The top three causes of medical malpractice lawsuits over the past 2 decades are as follows: 1) medication errors 2) missed diagnosis and 3) a delay in diagnosis [5]. These errors have been attributed to a lack of understanding of pharmacology (drug contraindications, dosages, side effects, and drug interactions) and basic pathophysiology, which are cognitive errors most likely secondary to gaps in clinical knowledge [6]. Consequently, any medical educational reform efforts to reduce medical errors should focus, in part, on strengthening these cognitive aspects of training (pharmacology, pathophysiology, and evidence-based medicine). IOM estimated that 1.5 million patients suffer from mistakes involving medications that are given each year [7].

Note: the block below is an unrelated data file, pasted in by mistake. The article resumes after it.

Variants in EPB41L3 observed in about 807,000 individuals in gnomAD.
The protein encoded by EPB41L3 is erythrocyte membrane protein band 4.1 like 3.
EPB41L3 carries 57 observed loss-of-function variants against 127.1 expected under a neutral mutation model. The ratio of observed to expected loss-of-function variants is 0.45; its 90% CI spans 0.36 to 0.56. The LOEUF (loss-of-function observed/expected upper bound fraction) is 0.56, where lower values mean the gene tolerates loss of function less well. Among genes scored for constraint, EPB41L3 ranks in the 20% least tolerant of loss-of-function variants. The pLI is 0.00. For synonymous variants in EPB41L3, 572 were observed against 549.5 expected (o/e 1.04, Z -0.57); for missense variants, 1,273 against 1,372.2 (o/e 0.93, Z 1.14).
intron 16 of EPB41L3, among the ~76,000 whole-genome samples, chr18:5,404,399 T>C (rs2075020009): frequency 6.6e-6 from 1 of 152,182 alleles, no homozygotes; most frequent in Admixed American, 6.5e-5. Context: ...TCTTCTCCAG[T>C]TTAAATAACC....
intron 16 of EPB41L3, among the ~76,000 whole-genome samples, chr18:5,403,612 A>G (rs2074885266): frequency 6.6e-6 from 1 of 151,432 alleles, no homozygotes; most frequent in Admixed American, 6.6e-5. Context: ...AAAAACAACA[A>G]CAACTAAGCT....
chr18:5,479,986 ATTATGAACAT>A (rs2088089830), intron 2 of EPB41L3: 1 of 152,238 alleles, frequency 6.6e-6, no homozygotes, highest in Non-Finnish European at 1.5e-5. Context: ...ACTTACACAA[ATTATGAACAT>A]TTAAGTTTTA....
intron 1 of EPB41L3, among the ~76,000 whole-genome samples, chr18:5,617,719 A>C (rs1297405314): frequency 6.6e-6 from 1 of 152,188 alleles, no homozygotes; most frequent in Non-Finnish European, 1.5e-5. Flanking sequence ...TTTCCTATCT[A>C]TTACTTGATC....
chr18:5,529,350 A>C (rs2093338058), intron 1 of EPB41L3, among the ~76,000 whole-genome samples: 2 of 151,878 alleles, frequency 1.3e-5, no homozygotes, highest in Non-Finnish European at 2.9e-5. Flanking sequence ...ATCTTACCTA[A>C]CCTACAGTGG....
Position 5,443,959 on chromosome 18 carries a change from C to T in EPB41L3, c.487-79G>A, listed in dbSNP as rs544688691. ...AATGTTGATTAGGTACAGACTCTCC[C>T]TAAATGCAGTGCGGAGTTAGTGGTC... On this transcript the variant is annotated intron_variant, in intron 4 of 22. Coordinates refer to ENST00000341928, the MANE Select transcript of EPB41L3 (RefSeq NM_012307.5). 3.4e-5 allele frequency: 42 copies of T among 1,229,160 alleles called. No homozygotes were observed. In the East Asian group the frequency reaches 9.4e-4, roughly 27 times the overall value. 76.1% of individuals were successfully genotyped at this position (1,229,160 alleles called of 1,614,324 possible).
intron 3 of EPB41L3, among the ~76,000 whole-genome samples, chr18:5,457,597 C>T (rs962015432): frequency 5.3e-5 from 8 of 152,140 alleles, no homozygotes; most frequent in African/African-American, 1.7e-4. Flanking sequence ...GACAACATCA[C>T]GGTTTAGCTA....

“Assessing blame for medical errors” rather than addressing “system errors” as the root cause of preventable medical errors is the primary impediment to improving patient safety in many teaching hospitals. Hospital administrators must take a more active role in patient safety if we want to improve patient outcome. Using the “system errors” approach, we decreased our mortality rate by 46.3%.


A retrospective study of all trauma patients admitted to Morehouse School of Medicine Trauma Services from 2000-2008 was performed using information contained in the Trauma Registry from the Institutional Review Board. Approval was obtained from Morehouse School of Medicine.